Aye group discovers avenue for precision cancer treatment
One of the goals of personalized medicine is to be able to determine which treatment would work best by sequencing a patient's genome. New research from the lab of Yimon Aye, assistant professor of chemistry and chemical biology, could help make that approach a reality.
Using her group's novel chemical procedure dubbed "T-REX," along with a patent-pending targeting molecule also developed in her lab, Aye and her group have uncovered interesting facets of several well-known cancer-cell mutations that, if present in a patient, could inform treatment options and potentially produce more favorable outcomes.
"People wonder why certain drugs are more efficient in one individual over another," said Aye, a Milstein Sesquicentennial Fellow in the College of Arts and Sciences who also has a joint appointment in the Department of Biochemistry at Weill Cornell Medicine. "Our discovery gives us a foundation to think about and design inhibitors that will ... be much more effective in the patients carrying certain mutations."
The Aye Lab has published two related papers on this discovery in the last couple of months, both in Cell Chemical Biology. "Privileged Electrophile Sensors: A Resource for Covalent Drug Development" was published online June 22; "β-TrCP1 Is a Vacillatory Regulator of Wnt Signaling" was published online July 20.
The first paper explains how reduction-oxidation, or redox, signaling—which is commonplace inside cells—affects the activity of specific enzymes, and how certain enzymes' redox-specific processes could be harnessed for targeted drug design.
Research for the second paper started to test that theory. To determine which signals are affecting the response of a particular protein, the group used its T-REX procedure coupled with a widely used strategy to deplete the cell of a specific protein of interest.
One challenge is that multiple variations, or isoforms, of the same protein can all catalyze the same cellular function, "but the nuances of biology rest in how individual isoforms are regulated," Aye said.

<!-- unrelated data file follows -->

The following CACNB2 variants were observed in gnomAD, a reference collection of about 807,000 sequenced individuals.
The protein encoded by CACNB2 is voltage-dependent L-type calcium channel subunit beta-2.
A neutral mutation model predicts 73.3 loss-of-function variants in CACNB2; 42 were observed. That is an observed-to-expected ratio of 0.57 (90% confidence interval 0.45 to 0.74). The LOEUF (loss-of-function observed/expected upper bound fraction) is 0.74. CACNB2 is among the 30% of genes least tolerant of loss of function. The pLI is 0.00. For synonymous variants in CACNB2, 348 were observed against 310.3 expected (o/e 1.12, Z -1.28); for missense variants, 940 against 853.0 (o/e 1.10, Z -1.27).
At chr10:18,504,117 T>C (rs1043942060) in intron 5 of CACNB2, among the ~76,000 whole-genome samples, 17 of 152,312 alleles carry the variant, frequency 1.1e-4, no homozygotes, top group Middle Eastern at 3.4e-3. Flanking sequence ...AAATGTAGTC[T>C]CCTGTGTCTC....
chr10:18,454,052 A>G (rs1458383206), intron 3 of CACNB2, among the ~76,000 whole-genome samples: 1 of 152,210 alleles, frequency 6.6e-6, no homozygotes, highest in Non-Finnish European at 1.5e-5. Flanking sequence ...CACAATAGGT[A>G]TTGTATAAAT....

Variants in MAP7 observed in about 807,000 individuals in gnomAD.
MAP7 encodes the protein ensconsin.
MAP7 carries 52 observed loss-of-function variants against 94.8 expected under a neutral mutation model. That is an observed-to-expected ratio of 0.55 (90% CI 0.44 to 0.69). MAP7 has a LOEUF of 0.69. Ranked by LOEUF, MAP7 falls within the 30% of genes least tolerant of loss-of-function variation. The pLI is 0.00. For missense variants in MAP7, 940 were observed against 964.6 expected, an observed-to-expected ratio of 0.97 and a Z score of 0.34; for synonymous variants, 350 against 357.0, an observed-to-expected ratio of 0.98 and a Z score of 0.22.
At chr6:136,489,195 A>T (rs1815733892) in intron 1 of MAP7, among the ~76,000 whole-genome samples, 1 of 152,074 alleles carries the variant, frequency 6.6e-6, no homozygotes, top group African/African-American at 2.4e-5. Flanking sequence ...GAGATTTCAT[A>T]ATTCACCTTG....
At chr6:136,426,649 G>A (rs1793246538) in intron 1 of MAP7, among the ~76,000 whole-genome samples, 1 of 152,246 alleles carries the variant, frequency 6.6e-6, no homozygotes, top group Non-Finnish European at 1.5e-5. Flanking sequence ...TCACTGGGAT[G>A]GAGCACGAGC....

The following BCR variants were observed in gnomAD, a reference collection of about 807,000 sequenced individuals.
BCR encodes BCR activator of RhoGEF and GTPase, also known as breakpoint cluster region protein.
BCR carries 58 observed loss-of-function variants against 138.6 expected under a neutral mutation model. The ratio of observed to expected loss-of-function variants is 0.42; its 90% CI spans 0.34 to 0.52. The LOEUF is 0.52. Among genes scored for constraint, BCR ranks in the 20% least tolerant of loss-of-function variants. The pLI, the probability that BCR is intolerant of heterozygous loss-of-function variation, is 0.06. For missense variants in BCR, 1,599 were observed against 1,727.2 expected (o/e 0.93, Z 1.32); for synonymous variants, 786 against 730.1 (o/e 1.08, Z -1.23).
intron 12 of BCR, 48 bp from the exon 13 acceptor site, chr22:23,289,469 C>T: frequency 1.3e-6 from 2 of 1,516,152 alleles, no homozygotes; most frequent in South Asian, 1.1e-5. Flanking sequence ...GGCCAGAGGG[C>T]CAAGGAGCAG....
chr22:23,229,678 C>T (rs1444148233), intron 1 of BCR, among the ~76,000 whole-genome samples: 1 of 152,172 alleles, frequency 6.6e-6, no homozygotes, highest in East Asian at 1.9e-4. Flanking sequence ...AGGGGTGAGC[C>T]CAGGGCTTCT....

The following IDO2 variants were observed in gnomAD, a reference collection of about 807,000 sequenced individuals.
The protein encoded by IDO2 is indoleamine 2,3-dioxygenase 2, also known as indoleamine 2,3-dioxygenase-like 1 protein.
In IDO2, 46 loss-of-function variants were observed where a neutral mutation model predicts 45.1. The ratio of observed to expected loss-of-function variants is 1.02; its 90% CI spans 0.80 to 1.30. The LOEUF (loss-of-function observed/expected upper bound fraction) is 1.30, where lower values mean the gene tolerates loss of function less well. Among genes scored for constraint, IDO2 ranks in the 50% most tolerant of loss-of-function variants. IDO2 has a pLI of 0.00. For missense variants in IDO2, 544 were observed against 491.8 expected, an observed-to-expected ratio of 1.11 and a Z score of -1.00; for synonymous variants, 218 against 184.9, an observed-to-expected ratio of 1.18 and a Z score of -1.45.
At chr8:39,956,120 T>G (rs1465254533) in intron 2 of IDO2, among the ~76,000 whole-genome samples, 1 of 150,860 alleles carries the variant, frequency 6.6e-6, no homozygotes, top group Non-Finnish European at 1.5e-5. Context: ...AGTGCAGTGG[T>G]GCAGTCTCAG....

"Some may be important in only certain types of tumors, or certain types of cells, so being able to discriminate one isoform over the other is important," she said.
The group's first key finding: The "cross-talk," or interaction back and forth, between cell signaling pathways is regulated depending on the concentration of a certain transcription factor (Nrf2), a fact that isn't clear unless you are able to selectively stimulate Nrf2 signaling, a method Aye pioneered.
The second, and perhaps more interesting in terms of disease: A key mutation of cancer cells on the N-terminus—the start of a protein chain, which often contains key signaling information—would make them more susceptible to certain targeted therapeutics than those without the mutation.
"What we've discovered as a strategy is a means to target this pathway in the cancer cells that carry selective mutations on this domain [the N terminus]," Aye said. "Potentially, patients can be genotyped to see if they carry these mutations, and they should respond much better to small molecules that activate antioxidant response."
Aye said understanding the many complexities of oncogenesis and cell signaling is crucial to developing better therapies for cancer and other diseases. "We could design much more selective therapeutics by understanding the underlying cross-talk," she said.